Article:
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Sorry to double-post, couldn't figure out the best place for this.
A couple dozen already-sprouted roots, could be divided for even more.
If you have an area that can be dug up (to harvest), sunchokes are edilbe and come back every year (so can also be 'hard to get rid of' because you can never seem to harvest them all... but for the right location, that could be a benefit!)
Near 4th & Commercial.
Some knowledge about Sunchokes:
Jerusalem artichokes are sweet and almost garlicky and mushroomy and gorgeous. Although called artichokes they’re actually tubers – like rough and ready potatoes. You can scrub and roast them whole like mini jacket potatoes and split them open, drizzled with a little chili oil. You can even use them in a salad with smoky bacon. A Jerusalem artichoke’s best friends are sage, thyme, butter, bacon, bay, cream, breadcrumbs, cheese and anything smoked.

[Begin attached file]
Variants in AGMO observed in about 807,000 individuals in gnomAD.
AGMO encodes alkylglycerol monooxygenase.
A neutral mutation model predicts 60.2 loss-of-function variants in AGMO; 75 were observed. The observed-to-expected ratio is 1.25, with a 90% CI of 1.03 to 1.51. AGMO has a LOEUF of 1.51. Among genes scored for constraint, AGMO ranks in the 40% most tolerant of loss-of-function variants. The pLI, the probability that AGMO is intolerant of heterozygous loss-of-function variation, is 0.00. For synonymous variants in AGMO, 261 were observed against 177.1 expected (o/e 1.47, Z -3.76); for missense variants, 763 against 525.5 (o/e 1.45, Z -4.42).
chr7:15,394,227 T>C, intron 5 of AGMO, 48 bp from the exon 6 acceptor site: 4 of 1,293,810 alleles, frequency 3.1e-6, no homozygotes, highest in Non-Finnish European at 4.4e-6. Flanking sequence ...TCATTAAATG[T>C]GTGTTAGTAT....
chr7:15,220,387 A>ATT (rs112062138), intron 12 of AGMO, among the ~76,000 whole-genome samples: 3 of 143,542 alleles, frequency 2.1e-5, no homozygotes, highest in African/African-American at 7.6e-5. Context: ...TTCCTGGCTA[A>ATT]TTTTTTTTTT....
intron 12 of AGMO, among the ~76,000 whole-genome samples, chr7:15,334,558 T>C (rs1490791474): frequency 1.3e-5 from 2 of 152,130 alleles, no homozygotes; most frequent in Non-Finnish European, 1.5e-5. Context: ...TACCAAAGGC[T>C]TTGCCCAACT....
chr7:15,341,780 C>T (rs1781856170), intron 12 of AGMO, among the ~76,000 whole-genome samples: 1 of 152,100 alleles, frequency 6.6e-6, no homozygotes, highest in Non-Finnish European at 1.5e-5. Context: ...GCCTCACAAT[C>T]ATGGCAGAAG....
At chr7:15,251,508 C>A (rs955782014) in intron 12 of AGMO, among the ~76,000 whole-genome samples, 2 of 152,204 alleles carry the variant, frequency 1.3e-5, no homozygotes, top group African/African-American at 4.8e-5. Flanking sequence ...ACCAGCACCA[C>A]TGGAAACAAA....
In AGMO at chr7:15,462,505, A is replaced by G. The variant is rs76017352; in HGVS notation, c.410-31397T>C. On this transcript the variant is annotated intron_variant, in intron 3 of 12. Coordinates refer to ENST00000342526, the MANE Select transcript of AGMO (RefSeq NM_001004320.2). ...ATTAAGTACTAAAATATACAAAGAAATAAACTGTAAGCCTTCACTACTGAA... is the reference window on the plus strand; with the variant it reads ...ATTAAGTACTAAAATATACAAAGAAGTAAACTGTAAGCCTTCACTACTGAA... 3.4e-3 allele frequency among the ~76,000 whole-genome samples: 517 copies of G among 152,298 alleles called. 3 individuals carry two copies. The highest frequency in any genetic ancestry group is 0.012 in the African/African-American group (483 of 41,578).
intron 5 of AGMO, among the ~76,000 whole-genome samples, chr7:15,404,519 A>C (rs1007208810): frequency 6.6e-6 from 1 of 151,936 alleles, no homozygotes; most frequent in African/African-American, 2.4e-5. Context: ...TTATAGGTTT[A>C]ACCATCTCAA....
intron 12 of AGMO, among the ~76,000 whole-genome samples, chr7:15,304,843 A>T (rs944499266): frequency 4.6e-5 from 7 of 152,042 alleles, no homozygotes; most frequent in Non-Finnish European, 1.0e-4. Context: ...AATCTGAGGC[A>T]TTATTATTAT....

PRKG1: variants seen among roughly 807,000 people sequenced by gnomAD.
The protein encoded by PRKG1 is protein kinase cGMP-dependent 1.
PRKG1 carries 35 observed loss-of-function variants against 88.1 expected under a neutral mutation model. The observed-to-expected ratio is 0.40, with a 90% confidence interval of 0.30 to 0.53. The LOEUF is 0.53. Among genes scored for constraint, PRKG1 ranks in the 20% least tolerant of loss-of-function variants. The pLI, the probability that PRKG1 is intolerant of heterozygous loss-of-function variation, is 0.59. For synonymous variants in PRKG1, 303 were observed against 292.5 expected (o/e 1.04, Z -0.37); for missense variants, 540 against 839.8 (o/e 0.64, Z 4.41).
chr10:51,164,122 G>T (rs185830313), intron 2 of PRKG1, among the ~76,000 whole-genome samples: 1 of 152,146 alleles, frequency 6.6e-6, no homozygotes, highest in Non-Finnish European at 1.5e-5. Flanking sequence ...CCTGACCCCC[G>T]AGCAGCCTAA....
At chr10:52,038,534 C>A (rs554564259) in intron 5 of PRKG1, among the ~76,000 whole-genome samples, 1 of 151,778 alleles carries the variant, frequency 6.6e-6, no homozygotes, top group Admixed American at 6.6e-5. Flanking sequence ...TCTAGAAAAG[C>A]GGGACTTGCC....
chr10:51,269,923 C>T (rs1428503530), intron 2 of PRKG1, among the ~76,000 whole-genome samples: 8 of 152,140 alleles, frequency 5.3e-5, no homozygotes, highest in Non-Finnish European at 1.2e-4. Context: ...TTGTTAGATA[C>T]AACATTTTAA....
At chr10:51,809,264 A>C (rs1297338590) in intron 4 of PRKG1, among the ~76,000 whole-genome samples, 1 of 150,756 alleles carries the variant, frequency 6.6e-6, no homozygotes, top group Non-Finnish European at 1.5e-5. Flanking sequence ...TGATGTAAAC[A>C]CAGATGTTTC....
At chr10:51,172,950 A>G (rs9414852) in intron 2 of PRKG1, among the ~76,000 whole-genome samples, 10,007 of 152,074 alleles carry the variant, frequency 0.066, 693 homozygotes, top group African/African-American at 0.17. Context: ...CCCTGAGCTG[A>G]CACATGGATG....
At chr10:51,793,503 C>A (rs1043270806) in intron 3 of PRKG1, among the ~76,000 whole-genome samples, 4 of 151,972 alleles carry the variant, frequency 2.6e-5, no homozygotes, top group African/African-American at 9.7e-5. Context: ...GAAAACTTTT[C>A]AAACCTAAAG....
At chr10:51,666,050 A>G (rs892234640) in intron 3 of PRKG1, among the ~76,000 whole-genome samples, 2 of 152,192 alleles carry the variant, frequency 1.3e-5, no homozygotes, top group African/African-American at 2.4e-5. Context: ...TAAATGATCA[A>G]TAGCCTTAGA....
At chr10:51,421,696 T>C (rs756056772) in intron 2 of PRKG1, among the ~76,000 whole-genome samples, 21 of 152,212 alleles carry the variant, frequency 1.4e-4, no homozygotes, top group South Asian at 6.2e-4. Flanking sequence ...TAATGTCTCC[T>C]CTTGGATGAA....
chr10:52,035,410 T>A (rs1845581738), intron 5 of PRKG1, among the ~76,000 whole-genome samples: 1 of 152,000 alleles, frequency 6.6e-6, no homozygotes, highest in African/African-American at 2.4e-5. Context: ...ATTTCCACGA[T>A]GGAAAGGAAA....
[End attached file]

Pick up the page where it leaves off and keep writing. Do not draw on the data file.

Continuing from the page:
The crop yields are high, typically 16–20 tonnes/ha for tubers, and 18–28 tonnes/ha green weight for foliage.
Nutritional value per 100 g (3.5 oz)
Energy 73 kcal (310 kJ)
Carbohydrates 17.44 g
- Sugars 9.6 g
- Dietary fiber 1.6 g
Fat 0.01 g
Protein 2.0 g
Vitamin A equiv. 1 μg (0%)
Thiamine (vit. B1) 0.2 mg (17%)
Riboflavin (vit. B2) 0.06 mg (5%)
Niacin (vit. B3) 1.3 mg (9%)
Vitamin B6 0.077 mg (6%)
Folate (vit. B9) 13 μg (3%)
Vitamin C 4.0 mg (5%)
Calcium 14 mg (1%)
Iron 3.4 mg (26%)
Magnesium 17 mg (5%)
Phosphorus 78 mg (11%)
Potassium 429 mg (9%)
Zinc 0.12 mg (1%)
They are hard to control, but that is rarely a bad thing for edible plants. Do, however, plant them on the edge of your garden.